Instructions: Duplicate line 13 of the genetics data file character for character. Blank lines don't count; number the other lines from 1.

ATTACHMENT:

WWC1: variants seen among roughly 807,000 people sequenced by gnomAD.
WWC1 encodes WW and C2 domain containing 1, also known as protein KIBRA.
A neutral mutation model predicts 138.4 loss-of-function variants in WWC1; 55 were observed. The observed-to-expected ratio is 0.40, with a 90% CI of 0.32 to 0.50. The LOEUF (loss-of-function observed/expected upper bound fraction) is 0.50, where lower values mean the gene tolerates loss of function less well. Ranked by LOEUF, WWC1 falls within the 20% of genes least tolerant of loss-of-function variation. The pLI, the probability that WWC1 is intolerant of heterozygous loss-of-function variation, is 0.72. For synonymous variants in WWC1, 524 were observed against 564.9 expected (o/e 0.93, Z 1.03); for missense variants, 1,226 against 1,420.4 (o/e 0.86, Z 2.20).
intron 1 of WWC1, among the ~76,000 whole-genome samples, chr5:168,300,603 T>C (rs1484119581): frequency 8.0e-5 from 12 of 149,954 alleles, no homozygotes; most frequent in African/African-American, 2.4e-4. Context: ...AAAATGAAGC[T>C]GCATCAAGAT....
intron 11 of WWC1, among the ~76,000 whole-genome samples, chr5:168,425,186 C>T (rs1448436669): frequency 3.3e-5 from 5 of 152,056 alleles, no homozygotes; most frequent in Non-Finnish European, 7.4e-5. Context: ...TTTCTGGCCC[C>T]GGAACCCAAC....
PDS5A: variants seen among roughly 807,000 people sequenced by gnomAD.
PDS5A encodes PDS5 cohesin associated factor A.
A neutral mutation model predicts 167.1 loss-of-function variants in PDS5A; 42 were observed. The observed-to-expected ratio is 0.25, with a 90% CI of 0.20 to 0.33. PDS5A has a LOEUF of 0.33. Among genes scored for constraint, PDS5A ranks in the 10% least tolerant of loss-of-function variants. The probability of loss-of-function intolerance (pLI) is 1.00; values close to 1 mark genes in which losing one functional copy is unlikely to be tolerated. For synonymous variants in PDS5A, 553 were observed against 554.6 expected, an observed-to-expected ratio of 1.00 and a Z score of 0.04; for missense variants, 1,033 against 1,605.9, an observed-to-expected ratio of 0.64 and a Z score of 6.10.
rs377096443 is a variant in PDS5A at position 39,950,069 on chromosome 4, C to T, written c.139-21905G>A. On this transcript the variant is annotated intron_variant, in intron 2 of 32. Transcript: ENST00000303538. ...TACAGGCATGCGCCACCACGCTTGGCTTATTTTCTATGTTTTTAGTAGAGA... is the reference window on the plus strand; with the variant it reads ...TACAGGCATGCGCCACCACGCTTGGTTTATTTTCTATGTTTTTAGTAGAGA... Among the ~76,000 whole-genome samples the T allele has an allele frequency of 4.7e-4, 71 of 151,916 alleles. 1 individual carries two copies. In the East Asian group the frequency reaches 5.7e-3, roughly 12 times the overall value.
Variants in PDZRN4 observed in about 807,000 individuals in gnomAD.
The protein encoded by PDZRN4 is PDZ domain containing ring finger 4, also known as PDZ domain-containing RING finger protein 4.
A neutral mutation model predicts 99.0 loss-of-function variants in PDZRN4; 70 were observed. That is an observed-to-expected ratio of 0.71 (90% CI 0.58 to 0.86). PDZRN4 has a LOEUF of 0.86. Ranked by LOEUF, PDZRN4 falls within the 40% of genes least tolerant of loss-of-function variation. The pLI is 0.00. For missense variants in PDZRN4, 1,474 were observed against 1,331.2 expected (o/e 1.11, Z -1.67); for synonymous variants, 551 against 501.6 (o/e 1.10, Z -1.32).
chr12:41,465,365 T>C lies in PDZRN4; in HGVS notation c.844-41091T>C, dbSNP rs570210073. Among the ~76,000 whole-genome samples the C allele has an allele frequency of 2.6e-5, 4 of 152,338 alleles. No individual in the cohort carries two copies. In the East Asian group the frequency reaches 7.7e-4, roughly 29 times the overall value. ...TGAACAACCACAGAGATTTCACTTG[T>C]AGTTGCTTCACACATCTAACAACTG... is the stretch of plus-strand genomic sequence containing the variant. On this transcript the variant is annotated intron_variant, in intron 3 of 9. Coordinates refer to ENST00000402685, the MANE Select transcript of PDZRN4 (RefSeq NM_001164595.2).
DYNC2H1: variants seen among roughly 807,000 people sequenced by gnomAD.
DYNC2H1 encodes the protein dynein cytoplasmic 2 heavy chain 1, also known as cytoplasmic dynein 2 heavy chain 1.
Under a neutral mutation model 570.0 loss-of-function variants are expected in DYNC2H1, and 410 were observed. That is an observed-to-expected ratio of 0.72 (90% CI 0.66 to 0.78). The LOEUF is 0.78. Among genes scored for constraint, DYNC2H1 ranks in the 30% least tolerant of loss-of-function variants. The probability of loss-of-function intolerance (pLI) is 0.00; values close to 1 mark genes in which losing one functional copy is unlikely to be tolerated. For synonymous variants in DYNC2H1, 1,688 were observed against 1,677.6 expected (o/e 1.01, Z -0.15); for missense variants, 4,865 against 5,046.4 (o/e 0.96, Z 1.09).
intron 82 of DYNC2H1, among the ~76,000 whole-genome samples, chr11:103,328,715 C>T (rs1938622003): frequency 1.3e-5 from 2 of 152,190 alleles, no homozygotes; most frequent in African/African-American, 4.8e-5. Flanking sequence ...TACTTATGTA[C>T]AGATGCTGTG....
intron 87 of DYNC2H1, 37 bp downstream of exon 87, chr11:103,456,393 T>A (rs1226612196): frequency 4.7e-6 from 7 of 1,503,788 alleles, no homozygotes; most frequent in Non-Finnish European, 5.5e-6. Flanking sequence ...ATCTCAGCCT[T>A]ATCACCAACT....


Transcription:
chr12:41,465,365 T>C lies in PDZRN4; in HGVS notation c.844-41091T>C, dbSNP rs570210073. Among the ~76,000 whole-genome samples the C allele has an allele frequency of 2.6e-5, 4 of 152,338 alleles. No individual in the cohort carries two copies. In the East Asian group the frequency reaches 7.7e-4, roughly 29 times the overall value. ...TGAACAACCACAGAGATTTCACTTG[T>C]AGTTGCTTCACACATCTAACAACTG... is the stretch of plus-strand genomic sequence containing the variant. On this transcript the variant is annotated intron_variant, in intron 3 of 9. Coordinates refer to ENST00000402685, the MANE Select transcript of PDZRN4 (RefSeq NM_001164595.2).